Athens: all the classics
Trip Start Jun 29, 2005
235Trip End Nov 30, 2009
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Maybe it's a Greek thing, maybe it's just that they're sick of tourists because they've been coming here for thousands of years. Whatever. All that has resulted in a collective fatigue which means I'm in less than an optimum condition to write this entry about Athens, which needs to cover many weird, wonderful and important things. I hope I do it justice so please bear with me.
Before setting out this time I did manage a good night's sleep in Patras, Greece's third largest city, which is a nice place and unusual for its precise grid layout and a high proportion of attractive, beardless women. Rest meant I was alert enough to get a quick look at the Corinth Canal as the train to Athens zoomed past. The wafer thin canal has effectively made the Peloponnesus an island, severing it from the mainland at its narrowest point - the Isthmus of Corinth. I don't know how ships actually fit through as it's so narrow and constricted, but Ionian and Aegean shipping is a lot more cost-effective no doubt.
It was a pertinent first sight to see approaching the capital as Greeks have been tramping up and down the Isthmus since time immemorial and many of the turning points of Hellenic history revolved around this part of the country. And what an amazing history, over the 1,500 years to around the birth of Christ it must have been, that hopefully the following sights and images will attest.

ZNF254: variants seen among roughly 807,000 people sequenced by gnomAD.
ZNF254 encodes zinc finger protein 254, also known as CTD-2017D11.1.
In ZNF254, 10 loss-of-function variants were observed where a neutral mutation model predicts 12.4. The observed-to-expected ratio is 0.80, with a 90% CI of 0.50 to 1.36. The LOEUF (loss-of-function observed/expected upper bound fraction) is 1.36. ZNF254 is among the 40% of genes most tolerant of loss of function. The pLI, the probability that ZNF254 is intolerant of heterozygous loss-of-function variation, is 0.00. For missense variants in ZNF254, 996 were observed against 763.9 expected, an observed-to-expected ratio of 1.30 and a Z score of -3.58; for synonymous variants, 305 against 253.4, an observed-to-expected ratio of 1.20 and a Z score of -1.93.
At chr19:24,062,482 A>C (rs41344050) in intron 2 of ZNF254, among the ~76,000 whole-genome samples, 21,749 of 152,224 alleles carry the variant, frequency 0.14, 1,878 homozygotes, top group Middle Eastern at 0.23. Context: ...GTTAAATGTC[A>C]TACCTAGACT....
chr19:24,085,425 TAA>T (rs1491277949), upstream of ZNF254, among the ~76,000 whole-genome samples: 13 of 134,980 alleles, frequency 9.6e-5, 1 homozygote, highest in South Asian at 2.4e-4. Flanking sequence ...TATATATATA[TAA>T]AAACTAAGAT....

First stop was the Acropolis, pretty much as soon as it opened next morning to avoid the bulk of the package tour crowds. A glorious sunny day greeted us early risers as we gazed down over the city from the imposing plateau and the smog hadn't quite built up to its usual levels to obscure long range views of the Saronic coast, which was a definite added bonus.
Most buildings here date from around the 5th century BC - ancient Athens' glory days after Kleisthenes introduced the concept of democracy in 507BC coupled with eventual defeat of the pesky Persians in the battles of Marathon and Salamis. Pericles got the construction ball rolling whilst Socrates taught the population to think and the city bloomed into the most advanced state the world had ever seen, despite the extremely volatile times it emerged from.